How to manage blepharitis: a few easy steps

Blepharitis is an inflammation of the eyelids which can be attributed to one or more causes. If you are suffering from burning, tearful or flaky-skinned eyes then it is possible you may have contracted the condition.

Blepharitis has two variations: anterior and posterior. The first affects the front of the eye, where it is attached to the eyelid, and the second affects the meibomian glands, the eyelids themselves and their inability to secrete the oils which help to lubricate and moisturise the eyeball.

Luckily, blepharitis can be managed easily and there are a range of treatments available which can reduce both the symptoms of irritation and discomfort it produces.

By far the most common and effective way to remove the symptoms of blepharitis is to maintain a regular routine whereby the eyes are kept clean and hygienic. All foreign bodies such as flaking skin are removed from the eyelids and around the eye itself and the area is thoroughly moisturised.

This can be done by taking a cotton bud and carefully cleaning around the eye with warm water. Take a great deal of care to run the cotton bud over the eyelashes and underneath the eyes. Warm water will help to break down any flaky skin which is stuck to the area and, with continual massaging, the skin will become fully detached and can be wiped away.

When this occurs, simply change the cotton bud with a fresh one and repeat the process until everything has been thoroughly cleaned and cleared away. To make this faster you can also apply a warm compress in the form of a flannel to the area before you start.

This process may be repeated several times a day but be careful not to over strain the area and stop if you feel any excessive dryness. This should alleviate many of the uncomfortable symptoms associated with blepharitis without causing further damage.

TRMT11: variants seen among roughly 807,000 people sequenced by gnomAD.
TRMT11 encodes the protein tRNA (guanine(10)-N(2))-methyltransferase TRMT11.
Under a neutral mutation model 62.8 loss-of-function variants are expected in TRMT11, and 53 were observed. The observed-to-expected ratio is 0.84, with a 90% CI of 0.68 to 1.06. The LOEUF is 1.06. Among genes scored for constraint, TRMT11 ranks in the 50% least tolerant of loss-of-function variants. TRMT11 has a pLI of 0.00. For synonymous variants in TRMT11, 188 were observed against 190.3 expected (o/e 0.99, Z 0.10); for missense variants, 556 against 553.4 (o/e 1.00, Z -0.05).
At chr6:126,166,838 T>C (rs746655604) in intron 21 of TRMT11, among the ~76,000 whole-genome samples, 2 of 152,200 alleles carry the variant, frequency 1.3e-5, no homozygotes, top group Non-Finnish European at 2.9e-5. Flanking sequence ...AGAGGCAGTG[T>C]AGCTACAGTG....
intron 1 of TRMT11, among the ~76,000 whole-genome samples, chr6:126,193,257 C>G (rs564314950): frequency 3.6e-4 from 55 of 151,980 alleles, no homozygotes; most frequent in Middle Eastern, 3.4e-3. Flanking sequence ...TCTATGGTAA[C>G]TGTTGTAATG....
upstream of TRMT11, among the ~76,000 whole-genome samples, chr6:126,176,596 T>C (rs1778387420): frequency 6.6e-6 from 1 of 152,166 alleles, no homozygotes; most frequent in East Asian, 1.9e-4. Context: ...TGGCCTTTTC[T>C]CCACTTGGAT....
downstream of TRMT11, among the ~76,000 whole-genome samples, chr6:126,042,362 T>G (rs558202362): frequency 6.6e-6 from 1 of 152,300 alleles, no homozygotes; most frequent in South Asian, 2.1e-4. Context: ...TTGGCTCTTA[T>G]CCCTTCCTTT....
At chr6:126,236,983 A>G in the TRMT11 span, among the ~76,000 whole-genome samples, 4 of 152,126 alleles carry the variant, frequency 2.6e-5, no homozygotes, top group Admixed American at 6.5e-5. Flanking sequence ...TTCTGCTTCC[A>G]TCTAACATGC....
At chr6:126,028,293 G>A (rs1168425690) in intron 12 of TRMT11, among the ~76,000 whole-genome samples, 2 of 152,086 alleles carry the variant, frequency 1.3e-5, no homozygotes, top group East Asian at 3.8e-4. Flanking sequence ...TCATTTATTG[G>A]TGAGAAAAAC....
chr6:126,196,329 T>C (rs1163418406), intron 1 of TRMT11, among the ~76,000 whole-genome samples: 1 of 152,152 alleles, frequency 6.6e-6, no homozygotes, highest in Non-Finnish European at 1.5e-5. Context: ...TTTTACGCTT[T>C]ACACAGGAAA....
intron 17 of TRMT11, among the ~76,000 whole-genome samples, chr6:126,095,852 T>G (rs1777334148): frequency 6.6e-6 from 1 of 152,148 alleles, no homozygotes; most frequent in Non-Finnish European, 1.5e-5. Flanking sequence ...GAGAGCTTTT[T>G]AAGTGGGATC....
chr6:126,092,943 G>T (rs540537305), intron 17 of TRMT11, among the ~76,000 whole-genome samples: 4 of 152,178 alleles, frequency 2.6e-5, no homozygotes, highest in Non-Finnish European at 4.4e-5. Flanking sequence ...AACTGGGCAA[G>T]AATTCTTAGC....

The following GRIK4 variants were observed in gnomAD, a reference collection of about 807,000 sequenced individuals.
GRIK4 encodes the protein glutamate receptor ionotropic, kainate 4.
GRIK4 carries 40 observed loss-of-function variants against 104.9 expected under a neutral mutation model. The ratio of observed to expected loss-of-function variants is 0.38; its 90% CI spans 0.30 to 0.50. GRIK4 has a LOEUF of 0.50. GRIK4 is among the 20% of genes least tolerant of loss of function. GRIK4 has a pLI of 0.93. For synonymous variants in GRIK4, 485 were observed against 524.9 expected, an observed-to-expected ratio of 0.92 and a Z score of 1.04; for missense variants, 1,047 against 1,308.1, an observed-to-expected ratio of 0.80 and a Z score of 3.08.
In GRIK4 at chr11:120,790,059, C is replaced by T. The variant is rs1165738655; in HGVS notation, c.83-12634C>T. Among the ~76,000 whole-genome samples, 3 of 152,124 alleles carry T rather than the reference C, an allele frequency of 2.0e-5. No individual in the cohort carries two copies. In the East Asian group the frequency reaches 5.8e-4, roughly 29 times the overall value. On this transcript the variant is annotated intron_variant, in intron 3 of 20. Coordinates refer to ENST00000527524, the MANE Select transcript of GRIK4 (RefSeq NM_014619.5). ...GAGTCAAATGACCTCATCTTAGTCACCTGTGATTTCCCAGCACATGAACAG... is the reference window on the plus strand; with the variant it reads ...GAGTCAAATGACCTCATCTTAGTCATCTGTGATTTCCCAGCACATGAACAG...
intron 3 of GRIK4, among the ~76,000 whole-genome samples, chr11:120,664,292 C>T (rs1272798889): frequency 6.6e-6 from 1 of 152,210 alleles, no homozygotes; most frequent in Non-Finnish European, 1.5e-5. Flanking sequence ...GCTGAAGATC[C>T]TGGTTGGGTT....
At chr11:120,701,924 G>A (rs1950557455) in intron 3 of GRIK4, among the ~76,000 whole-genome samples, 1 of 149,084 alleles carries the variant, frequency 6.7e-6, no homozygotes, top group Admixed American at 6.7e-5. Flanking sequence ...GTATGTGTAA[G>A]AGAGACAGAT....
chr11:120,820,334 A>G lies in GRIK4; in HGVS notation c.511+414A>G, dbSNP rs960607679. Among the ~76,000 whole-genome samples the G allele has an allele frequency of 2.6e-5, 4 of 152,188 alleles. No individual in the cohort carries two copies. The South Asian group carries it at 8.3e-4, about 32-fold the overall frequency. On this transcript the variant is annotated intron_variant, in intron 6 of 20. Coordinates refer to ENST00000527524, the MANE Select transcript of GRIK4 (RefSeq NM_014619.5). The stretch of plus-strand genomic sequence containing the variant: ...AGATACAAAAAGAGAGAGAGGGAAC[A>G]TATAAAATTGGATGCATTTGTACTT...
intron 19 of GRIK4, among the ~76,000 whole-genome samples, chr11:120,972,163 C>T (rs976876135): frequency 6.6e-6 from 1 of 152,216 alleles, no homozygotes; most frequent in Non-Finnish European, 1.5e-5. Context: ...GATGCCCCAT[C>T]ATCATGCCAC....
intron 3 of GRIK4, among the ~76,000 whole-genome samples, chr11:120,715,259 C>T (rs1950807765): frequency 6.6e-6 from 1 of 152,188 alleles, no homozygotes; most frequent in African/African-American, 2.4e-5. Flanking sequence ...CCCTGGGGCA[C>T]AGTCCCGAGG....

There are also several vitamin supplements such as Omega-3 which may help to aid the meibomian glands in their production of lubricating oils for the eye itself. These can be taken in either pill form, on a daily basis, or found in many common foods such as fish, walnuts and tofu. Omega-3 helps to reduce clotting around the body and could be an extremely positive way of combating blepharitis.

Whilst there is not presently a cure for posterior blepharitis, anyone suffering for its affects (which do not differ greatly from anterior blepharitis) will find that maintaining a thorough and regular eye hygiene routine will keep most of the discomfort at bay.

It will also help to keep any further problems at bay, which are caused by a build up of flaky skin around the eyes. Over the counter products such as eye drops will also help to eradicate or soothe any excess irritation and help you get through the day in relative comfort.